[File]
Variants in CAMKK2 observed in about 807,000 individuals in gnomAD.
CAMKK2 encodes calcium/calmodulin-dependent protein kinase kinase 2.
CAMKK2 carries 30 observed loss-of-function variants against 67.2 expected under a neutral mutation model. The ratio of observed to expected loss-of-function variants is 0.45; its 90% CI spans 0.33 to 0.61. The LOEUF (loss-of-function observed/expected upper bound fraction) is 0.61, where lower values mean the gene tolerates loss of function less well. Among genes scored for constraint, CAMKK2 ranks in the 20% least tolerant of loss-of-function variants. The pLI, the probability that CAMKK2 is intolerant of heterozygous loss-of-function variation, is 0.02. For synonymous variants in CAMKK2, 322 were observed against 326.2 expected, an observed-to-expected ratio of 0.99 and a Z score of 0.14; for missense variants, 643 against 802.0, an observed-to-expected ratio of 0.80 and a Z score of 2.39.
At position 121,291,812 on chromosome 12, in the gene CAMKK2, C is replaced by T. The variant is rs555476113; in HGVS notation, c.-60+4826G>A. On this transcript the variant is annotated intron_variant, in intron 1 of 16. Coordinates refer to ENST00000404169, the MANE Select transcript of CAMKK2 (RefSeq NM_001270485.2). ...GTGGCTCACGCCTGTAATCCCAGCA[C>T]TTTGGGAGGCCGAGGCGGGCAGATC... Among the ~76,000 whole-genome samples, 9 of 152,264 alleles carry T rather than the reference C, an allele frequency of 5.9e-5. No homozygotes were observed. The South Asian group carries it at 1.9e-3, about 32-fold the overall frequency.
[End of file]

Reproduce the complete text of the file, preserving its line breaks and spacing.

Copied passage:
Variants in CAMKK2 observed in about 807,000 individuals in gnomAD.
CAMKK2 encodes calcium/calmodulin-dependent protein kinase kinase 2.
CAMKK2 carries 30 observed loss-of-function variants against 67.2 expected under a neutral mutation model. The ratio of observed to expected loss-of-function variants is 0.45; its 90% CI spans 0.33 to 0.61. The LOEUF (loss-of-function observed/expected upper bound fraction) is 0.61, where lower values mean the gene tolerates loss of function less well. Among genes scored for constraint, CAMKK2 ranks in the 20% least tolerant of loss-of-function variants. The pLI, the probability that CAMKK2 is intolerant of heterozygous loss-of-function variation, is 0.02. For synonymous variants in CAMKK2, 322 were observed against 326.2 expected, an observed-to-expected ratio of 0.99 and a Z score of 0.14; for missense variants, 643 against 802.0, an observed-to-expected ratio of 0.80 and a Z score of 2.39.
At position 121,291,812 on chromosome 12, in the gene CAMKK2, C is replaced by T. The variant is rs555476113; in HGVS notation, c.-60+4826G>A. On this transcript the variant is annotated intron_variant, in intron 1 of 16. Coordinates refer to ENST00000404169, the MANE Select transcript of CAMKK2 (RefSeq NM_001270485.2). ...GTGGCTCACGCCTGTAATCCCAGCA[C>T]TTTGGGAGGCCGAGGCGGGCAGATC... Among the ~76,000 whole-genome samples, 9 of 152,264 alleles carry T rather than the reference C, an allele frequency of 5.9e-5. No homozygotes were observed. The South Asian group carries it at 1.9e-3, about 32-fold the overall frequency.